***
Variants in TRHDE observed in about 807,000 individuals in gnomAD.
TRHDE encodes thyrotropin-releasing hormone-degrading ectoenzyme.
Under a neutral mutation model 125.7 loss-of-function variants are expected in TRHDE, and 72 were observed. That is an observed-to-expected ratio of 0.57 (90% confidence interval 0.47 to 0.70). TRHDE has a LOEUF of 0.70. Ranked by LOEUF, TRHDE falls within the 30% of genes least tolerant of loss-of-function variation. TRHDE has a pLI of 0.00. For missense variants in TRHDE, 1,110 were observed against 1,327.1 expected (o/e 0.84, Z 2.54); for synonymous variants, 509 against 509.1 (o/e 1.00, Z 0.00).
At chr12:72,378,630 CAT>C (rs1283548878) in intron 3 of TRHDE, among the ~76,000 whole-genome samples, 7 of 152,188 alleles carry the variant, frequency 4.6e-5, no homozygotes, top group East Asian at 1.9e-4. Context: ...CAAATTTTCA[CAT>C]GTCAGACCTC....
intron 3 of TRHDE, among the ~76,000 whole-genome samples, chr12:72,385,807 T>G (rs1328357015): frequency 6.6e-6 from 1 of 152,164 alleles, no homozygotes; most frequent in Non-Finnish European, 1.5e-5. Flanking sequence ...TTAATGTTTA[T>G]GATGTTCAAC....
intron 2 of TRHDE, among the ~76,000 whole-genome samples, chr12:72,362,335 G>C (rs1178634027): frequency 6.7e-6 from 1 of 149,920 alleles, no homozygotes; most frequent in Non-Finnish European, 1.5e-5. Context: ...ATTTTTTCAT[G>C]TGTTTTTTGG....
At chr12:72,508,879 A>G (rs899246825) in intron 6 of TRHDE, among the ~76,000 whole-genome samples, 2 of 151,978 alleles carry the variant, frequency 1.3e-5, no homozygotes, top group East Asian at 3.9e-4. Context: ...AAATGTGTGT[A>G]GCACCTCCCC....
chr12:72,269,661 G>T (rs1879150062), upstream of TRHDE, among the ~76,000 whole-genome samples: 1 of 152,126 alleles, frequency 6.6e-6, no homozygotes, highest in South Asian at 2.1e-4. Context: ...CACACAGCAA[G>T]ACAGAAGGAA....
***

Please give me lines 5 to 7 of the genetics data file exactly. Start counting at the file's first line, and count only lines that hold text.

intron 3 of TRHDE, among the ~76,000 whole-genome samples, chr12:72,385,807 T>G (rs1328357015): frequency 6.6e-6 from 1 of 152,164 alleles, no homozygotes; most frequent in Non-Finnish European, 1.5e-5. Flanking sequence ...TTAATGTTTA[T>G]GATGTTCAAC....
intron 2 of TRHDE, among the ~76,000 whole-genome samples, chr12:72,362,335 G>C (rs1178634027): frequency 6.7e-6 from 1 of 149,920 alleles, no homozygotes; most frequent in Non-Finnish European, 1.5e-5. Context: ...ATTTTTTCAT[G>C]TGTTTTTTGG....
At chr12:72,508,879 A>G (rs899246825) in intron 6 of TRHDE, among the ~76,000 whole-genome samples, 2 of 151,978 alleles carry the variant, frequency 1.3e-5, no homozygotes, top group East Asian at 3.9e-4. Context: ...AAATGTGTGT[A>G]GCACCTCCCC....